Autumn is a great time to start planting your garden. The soil is still warm enough to encourage root growth and weather is mild reducing water stress. Young plants have a better chance to settle in and become established before summer heat arrives. I’ve been working on the garden below for a while and took the opportunity during the cooler weather to add new plants, mulch and do some landscaping.
I helped write some programs on Creating a Wildlife Habitat for the Junior Landcare Learning Centre. This 5 part program can help you plan and plant a wildlife habitat at your school, home or local area.
Creating a native wildlife habitat is a great way to ensure the protection of native wildlife, from the smallest insects to birds, reptiles, mammals and frogs.
Projects and Grants
NSW Schools are now invited to apply for a grant of up to $600 to purchase native trees and shrubs. The Tree Levy is an annual grants scheme funded by Federation to offset the environmental impact of the union’s activities.
If you are in Sydney you can register for the Cooling the Schools project through Greening Australia.
Cooling the Schools: Creating cooler and greener schools where children and nature thrive
We are working with students to add thousands of plants to community spaces and schools across Greater Sydney.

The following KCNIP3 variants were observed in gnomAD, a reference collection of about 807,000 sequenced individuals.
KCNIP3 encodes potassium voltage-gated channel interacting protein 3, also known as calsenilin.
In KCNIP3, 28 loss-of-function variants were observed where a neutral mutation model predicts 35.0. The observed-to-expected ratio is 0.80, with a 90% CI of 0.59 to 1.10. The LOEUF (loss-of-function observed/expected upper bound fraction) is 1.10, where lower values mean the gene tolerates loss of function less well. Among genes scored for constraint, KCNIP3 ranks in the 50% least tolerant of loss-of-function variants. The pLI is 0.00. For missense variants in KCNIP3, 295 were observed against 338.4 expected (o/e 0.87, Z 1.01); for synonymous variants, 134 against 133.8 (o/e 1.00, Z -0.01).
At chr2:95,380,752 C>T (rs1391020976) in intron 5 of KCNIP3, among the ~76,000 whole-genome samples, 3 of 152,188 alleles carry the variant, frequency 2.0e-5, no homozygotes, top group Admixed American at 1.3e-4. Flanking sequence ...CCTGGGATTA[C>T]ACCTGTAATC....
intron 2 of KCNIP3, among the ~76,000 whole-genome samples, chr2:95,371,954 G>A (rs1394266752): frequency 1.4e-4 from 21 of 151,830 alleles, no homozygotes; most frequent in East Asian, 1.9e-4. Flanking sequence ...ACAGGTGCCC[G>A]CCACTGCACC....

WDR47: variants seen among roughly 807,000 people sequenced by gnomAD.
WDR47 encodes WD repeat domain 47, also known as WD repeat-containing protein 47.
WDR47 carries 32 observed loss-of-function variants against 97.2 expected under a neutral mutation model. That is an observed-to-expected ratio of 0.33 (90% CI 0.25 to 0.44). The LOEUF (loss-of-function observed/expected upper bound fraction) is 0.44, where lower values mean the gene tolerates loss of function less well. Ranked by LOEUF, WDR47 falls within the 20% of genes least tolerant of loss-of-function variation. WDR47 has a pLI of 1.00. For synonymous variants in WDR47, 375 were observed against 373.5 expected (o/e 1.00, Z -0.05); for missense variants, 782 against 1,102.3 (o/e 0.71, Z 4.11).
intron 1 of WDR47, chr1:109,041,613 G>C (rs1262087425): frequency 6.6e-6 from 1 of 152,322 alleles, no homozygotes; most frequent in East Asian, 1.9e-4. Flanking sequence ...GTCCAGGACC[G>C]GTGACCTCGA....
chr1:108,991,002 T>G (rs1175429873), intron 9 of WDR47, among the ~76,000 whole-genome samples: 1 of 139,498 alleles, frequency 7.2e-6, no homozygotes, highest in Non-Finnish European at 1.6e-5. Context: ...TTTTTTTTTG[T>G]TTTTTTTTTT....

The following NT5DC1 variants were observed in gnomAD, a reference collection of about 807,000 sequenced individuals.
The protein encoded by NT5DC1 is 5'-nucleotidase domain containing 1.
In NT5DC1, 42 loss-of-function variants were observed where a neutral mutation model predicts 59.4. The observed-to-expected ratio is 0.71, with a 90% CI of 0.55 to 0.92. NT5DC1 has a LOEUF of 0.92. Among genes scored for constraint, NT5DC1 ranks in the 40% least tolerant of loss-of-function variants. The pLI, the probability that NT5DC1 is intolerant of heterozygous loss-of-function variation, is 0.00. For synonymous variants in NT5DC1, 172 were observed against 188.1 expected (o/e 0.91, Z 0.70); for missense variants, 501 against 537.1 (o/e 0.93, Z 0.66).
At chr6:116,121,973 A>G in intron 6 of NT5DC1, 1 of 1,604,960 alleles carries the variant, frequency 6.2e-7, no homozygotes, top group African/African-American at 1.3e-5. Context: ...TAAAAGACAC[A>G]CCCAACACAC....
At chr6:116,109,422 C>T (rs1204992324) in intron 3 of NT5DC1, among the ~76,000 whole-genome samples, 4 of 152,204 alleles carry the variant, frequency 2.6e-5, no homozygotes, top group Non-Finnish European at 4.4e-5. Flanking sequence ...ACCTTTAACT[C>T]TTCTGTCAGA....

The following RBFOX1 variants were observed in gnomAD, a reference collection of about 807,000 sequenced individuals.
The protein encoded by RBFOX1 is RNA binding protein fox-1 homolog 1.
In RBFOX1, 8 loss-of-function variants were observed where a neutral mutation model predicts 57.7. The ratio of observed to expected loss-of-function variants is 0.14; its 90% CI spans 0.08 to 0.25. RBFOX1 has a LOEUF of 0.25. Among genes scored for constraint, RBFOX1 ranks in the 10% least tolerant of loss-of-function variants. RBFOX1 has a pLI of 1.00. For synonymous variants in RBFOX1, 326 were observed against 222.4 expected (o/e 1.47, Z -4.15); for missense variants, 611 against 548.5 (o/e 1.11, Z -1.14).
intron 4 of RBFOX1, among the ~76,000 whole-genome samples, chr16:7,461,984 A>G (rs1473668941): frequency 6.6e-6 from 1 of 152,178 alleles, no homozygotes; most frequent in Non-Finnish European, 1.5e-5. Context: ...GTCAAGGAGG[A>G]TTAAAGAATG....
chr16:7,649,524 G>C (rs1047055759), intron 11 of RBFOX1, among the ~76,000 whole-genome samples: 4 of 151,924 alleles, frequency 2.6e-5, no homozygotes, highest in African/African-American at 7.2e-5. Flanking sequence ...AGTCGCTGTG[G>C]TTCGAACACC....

Incorporate existing features into your wildlife habitat design, including established trees, rainwater tanks and ponds. Make sustainable choices by using what you’ve already got.
Don’t forget to include plenty of spaces for animals to hide.
Attracting wildlife to you backyard
Attract birds to your backyard by creating a garden that will provide food, shelter and nesting materials and sites. Local flowering plants and fruit trees provide birds with nectar and seeds. To provide birds with some protein rich food, use mulch to encourage worms, insects and grubs to thrive. Plant dense prickly native shrubs for shelter, hang up nesting boxes and install a bird bath.
Encourage frogs to come to live and breed in your backyard. Create a small shallow pond in an area that is partly shaded. Include thick ground hugging plants around part of the pond to provide areas of warmer and cooler water. Your pond will need some sunlight to encourage algae and other plants that provide food for tadpoles. Make sure the banks slope gently so that the frogs can get out. Add some rocks and logs to provide shelter for adult frogs.
Not all bugs are pests. Good bugs pollinate plants, break down dead flora and fauna, aerate the soil and provide for other wildlife. They can even help keep harmful pests away. Create an inviting environment for good bugs by planting plenty of native plants, wildflowers and herbs and use chemical-free pest control when the pests do creep in.